Summit County sees drought setback as September brings little precipitation

Rain and snow showers possible later in the week

Drought conditions have worsened in Summit County after a dry September. Dillon Reservoir is currently 85% full.
Nanako Mura/Courtesy photo

Drought conditions have, unfortunately, worsened slightly in Summit County.

Since early June, maps from the U.S. Drought Monitor have shown steady improvement in drought conditions, with the easternmost portion of the county absent of drought. However, after a dry September, the entire county is again showing a range of drought conditions.

The U.S. Drought Monitor classifies drought conditions on a scale of D0-D4, with D0 indicating abnormally dry conditions and D4 indicating an exceptional drought. As of Sept. 28, the southeastern half of Summit County is classified as D0, while the northwestern half ranges from D1-D3.

Map shows Colorado drought conditions as of Tuesday, Sept. 28.
U.S. Drought Monitor/Courtesy photo

“We had a nice summer,” National Weather Service meteorologist Greg Hanson said. “The monsoon came and unfortunately caused a lot of flooding in the burn areas as we know, but elsewhere, we did pretty well. … Things have turned dry in September, and that’s set us back a little bit from the drought perspective.”

According to the National Weather Service almanac, June, July and August brought above average precipitation to Summit County, which helped to ease drought conditions. July stood out with precipitation totals more than twice the area’s normal amounts.

In September, Summit County wasn’t so lucky. Only 0.61 inches of precipitation was recorded at the Dillon weather station, which is more than 50% less than the amount of precipitation normally seen in the month of September. The majority of Summit County’s precipitation came at the end of the month, with 0.22 inches recorded Sept. 30.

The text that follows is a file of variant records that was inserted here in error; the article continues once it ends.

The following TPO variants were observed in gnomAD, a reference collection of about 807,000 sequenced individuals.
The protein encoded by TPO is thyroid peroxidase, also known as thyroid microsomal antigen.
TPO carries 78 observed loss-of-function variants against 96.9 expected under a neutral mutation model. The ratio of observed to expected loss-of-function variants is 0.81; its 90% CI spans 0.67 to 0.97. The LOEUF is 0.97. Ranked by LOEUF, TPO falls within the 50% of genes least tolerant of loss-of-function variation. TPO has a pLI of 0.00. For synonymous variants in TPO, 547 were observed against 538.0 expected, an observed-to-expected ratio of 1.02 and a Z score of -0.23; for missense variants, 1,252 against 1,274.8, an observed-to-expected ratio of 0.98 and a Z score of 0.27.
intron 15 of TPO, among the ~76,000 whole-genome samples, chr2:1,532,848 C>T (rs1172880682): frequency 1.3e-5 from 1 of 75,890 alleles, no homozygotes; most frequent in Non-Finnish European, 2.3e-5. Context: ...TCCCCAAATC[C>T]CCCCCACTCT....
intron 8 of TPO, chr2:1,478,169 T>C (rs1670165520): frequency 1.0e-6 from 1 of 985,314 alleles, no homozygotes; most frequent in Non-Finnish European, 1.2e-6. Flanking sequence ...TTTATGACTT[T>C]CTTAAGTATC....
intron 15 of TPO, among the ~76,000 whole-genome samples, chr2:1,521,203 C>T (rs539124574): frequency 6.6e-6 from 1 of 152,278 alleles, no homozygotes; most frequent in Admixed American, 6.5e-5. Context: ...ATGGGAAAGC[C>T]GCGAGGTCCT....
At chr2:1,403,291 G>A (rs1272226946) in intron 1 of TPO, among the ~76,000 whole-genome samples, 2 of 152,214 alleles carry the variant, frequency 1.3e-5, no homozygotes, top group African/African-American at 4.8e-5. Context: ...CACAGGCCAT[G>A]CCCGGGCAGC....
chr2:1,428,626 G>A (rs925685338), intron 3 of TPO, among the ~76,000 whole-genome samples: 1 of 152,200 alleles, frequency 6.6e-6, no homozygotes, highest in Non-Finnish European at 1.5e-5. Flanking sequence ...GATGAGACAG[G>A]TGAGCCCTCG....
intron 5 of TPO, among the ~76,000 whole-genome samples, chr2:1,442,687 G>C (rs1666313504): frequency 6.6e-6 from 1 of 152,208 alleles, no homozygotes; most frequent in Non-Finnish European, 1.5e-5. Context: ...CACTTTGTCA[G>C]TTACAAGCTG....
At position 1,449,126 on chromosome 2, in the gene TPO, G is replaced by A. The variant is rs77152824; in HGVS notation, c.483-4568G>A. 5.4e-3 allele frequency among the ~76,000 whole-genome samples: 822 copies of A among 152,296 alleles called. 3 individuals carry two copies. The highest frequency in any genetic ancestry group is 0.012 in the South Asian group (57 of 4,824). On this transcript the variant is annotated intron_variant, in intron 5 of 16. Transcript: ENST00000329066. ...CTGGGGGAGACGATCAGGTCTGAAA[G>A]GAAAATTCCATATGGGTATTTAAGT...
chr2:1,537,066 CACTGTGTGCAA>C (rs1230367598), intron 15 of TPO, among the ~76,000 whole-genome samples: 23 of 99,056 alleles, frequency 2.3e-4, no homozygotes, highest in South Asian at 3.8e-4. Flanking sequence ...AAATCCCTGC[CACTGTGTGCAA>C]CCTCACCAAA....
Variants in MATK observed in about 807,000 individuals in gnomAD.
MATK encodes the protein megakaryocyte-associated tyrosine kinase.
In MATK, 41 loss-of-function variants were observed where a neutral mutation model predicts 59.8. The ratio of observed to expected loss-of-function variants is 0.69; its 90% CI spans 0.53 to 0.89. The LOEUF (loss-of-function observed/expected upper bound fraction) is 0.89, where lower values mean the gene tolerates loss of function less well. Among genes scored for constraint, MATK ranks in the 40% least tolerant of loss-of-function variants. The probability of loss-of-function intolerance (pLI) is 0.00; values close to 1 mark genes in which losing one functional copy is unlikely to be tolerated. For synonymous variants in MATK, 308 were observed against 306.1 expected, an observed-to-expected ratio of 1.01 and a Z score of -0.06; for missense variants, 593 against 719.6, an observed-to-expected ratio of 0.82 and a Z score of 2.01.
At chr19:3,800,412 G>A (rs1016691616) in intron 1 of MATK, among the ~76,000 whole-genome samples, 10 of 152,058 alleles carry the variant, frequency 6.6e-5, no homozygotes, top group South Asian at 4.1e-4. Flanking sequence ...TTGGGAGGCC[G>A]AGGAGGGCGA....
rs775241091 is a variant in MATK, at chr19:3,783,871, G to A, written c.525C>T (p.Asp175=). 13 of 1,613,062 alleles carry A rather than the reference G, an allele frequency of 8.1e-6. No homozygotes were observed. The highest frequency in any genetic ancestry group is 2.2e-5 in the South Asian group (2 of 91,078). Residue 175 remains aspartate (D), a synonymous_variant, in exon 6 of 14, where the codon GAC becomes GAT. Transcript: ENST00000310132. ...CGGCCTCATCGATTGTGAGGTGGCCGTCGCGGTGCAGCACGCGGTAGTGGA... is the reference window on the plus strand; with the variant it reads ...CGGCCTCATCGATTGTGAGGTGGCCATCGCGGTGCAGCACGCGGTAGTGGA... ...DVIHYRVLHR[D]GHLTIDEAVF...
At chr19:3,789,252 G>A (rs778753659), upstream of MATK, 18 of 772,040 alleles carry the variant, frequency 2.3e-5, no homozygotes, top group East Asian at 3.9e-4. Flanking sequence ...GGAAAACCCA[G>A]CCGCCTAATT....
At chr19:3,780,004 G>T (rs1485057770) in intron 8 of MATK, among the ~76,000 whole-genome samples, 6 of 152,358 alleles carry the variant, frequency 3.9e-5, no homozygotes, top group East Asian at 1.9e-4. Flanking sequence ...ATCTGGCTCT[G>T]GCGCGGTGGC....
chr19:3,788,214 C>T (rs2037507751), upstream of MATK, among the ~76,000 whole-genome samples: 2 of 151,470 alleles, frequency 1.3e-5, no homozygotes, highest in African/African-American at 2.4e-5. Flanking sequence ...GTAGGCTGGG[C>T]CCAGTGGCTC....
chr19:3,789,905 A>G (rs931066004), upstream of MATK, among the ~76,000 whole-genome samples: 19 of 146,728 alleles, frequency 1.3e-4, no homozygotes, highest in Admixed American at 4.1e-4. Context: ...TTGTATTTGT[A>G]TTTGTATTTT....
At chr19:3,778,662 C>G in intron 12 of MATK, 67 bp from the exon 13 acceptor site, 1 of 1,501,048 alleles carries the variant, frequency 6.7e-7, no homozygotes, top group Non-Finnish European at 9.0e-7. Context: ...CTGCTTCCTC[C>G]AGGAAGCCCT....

While the summer months brought rain, Hanson explained that Colorado’s prolonged drought conditions were too much for three months of higher precipitation levels to counteract.

“We had an extended period of drought, especially further west on the Western Slope,” Hanson said. “… While the summertime rain was good and helped us hold our own through the summer, it wasn’t excessive enough to really build up on those water supplies and get us out of the drought conditions totally.”

Soil moisture shows the effects of drought, and Summit County’s soil is on the dry side. According to a map created by the Colorado Climate Center, Summit County’s surface soil moisture is in the 3rd to 20th percentile.

Map shows Colorado’s surface soil moisture as of Sept. 21.
Colorado Climate Center/Courtesy photo

This week, the dry spell will likely continue. However, Caitlyn Mensch, National Weather Service meteorologist, reported that there is a weak storm system pushing in on Wednesday, Oct. 6.

“Especially over the higher elevations, we could see some showers, but nothing heavy is really expected for that day,” Mensch said.

Mensch added that elevations above 11,000 feet could see snow Wednesday, too.

While the week is starting off with unseasonably warm temperatures, on Thursday, Mensch said temperatures would cool into the 50s. She noted that there could be another storm system coming in Friday that would bring chances for rain, but the weekend is more promising for rain and maybe even snow.

“We’re watching another system toward the end of the weekend, which could bring a little bit more of a cooling in temperatures, but we’re still watching that for now,” Mensch said.

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